The oldest lineage belongs to the newly discovered species.

When the scientists compared the cranio-mandibular and dental characteristics of an orangutan who died from wounds inflicted by local villagers in November 2013 with those of 33 adult male orangutans at a similar stage of developmental, they found consistent differences.

The Tapanuli orangutan’s skull was found to be smaller than that of Sumatran and Bornean orangutans. Its face was flatter and its canine teeth were wider.

The researchers also found some subtle differences between the call of the Tapanuli orangutan and that of other orangutan populations.

Photo by Andrew Walmsley.

The Tapanuli orangutans have thicker, frizzier hair than their Bornean and Sumatran relatives, and, unlike the Bornean orangutans, the females grow beards. The dominant males have a prominent moustache and flat flanges covered in downy hair, whereas the flanges of older males are more like those of Bornean males.

The newly described species is similar to the Sumatran orangutan in its linear body build and has a more cinnamon-coloured pelage than that of its Bornean relative.

Researchers have seen the Tapanuli orangutans eat plant species that have not been observed in the diet of other orangutan species.

The scientists who have identified the Tapanuli orangutan say that there are fewer individuals than in any other great ape species.

“A combination of small population size and geographic isolation is of particularly high conservation concern, as it may lead to inbreeding depression and threaten population persistence.”

The researchers say that, to ensure the Tapanuli orangutan’s long-term survival, conservation measures need to be implemented swiftly.

They say that, because of the rugged terrain in the Batang Toru forest, external threats to the primates have been primarily limited to road construction, illegal clearing of forests, hunting, killings during conflict over crops, and trade in orangutans.

However, they say, the proposed new hydroelectric development in the area of highest orangutan density could impact up to eight percent of the animal’s habitat.

“This project might lead to further genetic impoverishment and inbreeding, as it would jeopardise chances of maintaining habitat corridors between the western and eastern range, as well as smaller nature reserves, all of which maintain small populations of P. tapanuliensis.”

Bank of China will ‘evaluate the project very carefully’

The Ape Alliance organised a petition that was signed by 120,000 people, and there were protests on March 1 outside branches of the Bank of China in numerous cities including Jakarta, New York, Hong Kong, Manila, and Johannesburg.

The alliance said that, on Tuesday, the Bank of China sent the CEO of its London branch to Stroud to meet with the alliance’s chairman, Ian Redmond. The bank agreed that it would send executives from its Indonesia branch to a formal roundtable with all relevant NGOs later this month in London, and would hold similar meetings with stakeholders in Indonesia.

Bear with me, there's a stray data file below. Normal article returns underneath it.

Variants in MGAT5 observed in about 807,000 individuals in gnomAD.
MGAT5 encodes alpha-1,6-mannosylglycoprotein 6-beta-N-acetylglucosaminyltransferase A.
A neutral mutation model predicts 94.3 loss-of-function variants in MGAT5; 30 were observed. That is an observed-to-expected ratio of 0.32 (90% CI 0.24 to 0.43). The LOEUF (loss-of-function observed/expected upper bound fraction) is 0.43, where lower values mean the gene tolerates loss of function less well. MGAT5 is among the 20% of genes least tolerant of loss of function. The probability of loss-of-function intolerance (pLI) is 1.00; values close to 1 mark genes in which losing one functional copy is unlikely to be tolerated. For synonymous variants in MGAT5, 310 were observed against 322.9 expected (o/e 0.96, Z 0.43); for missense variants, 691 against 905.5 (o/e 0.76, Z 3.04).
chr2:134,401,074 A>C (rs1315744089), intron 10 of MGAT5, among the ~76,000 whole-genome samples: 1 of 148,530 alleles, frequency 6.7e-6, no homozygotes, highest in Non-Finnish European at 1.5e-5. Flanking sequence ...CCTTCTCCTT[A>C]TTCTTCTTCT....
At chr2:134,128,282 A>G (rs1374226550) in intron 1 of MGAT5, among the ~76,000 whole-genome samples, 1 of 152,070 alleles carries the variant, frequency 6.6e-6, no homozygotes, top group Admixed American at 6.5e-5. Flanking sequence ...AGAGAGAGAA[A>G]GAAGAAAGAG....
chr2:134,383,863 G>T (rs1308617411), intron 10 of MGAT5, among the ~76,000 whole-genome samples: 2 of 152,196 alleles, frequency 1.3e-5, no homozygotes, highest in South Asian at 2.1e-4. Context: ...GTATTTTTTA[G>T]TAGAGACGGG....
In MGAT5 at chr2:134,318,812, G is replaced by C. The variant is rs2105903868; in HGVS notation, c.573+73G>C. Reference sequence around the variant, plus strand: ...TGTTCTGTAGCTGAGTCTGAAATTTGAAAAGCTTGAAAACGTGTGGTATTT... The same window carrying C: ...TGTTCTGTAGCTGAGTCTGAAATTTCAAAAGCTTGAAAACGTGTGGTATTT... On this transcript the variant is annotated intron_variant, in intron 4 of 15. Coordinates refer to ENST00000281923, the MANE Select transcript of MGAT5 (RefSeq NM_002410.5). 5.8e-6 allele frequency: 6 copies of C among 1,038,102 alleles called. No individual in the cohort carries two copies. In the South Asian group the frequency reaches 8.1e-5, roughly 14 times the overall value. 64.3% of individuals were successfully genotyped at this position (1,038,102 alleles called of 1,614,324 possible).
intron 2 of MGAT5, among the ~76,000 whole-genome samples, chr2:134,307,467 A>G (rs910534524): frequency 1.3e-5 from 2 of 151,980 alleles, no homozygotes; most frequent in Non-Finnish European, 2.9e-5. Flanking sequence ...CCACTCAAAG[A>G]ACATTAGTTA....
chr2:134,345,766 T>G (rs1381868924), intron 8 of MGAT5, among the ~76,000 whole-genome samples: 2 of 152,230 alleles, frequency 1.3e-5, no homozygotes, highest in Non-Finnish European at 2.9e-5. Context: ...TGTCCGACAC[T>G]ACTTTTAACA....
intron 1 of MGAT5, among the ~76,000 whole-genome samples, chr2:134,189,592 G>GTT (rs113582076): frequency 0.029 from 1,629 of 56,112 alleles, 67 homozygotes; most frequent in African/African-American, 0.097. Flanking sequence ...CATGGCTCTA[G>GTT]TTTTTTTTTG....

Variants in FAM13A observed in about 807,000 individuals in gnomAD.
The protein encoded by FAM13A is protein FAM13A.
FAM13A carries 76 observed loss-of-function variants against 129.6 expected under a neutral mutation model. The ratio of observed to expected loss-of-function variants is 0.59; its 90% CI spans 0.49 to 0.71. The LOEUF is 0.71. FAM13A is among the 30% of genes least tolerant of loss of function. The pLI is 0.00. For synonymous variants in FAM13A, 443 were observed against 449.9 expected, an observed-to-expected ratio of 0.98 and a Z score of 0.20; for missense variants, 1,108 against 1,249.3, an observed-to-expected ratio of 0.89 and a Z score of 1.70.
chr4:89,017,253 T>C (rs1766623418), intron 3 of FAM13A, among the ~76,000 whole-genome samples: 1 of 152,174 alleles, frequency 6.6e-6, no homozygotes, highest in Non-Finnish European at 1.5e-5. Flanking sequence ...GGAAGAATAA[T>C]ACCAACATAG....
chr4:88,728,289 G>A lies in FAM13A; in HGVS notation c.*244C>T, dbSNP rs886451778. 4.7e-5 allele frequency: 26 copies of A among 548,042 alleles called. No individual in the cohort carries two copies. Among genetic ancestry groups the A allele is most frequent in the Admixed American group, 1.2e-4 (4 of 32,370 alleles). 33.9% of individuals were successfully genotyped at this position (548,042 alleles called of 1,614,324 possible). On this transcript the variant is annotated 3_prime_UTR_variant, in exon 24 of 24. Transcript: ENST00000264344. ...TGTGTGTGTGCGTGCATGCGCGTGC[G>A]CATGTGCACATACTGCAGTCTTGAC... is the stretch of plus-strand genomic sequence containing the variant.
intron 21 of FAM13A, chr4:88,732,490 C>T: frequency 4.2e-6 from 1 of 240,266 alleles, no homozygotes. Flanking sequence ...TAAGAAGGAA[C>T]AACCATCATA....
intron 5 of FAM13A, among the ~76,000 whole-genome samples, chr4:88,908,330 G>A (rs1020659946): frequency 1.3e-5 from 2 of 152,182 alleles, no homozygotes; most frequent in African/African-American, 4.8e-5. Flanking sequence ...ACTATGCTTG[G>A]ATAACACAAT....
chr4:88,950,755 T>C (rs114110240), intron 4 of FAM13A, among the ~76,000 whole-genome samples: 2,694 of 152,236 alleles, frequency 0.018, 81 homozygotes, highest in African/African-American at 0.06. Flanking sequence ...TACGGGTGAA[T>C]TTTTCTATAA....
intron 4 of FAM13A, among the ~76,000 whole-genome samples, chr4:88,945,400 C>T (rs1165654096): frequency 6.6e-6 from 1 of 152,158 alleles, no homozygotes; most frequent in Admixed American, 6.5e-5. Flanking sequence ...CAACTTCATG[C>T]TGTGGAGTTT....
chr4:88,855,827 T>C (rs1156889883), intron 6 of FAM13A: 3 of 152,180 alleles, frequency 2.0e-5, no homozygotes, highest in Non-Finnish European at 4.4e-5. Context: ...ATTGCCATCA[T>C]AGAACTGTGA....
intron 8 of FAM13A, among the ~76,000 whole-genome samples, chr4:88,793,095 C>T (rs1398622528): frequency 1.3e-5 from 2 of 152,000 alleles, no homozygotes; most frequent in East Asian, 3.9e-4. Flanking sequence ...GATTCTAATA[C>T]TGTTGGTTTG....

“We have concluded that it would counterproductive to hold protests at Bank of China while in the midst of these ongoing discussions,” the alliance said. “The Bank of China knows that we are only postponing the protests and that they will resume if the funding for the Batang Toru dam goes ahead.”

The Bank of China said in a statement on its website on March 4 that it had taken note of the concerns expressed by some environmental organisations about the Batang Toru project.

The bank said it would evaluate the project very carefully “and make prudent decisions by duly considering the promotion of green finance and the fulfilment of social responsibility as well as the adherence to commercial principles”.

It added: “We attach great importance to corporate social responsibility in our global operations and ensure that our business activities abide by local laws and regulations. We are committed to supporting environmental protection globally and upholding the principles of green finance.”

WALHI said it sincerely appreciated the bank’s re-evaluation of the risks associated with the Batang Toru dam project and viewed its response “as an encouraging sign of the bank’s recognition of ours and international civil society’s concerns regarding the controversial dam project”.

The NGO says that the environmental, social, and biodiversity risks posed by the Batang Toru dam are complex. It said it hoped that a meeting with Bank of China representatives would “help to clarify and dispel common misconceptions regarding the dam’s real impacts”.

Photo by Andrew Walmsley.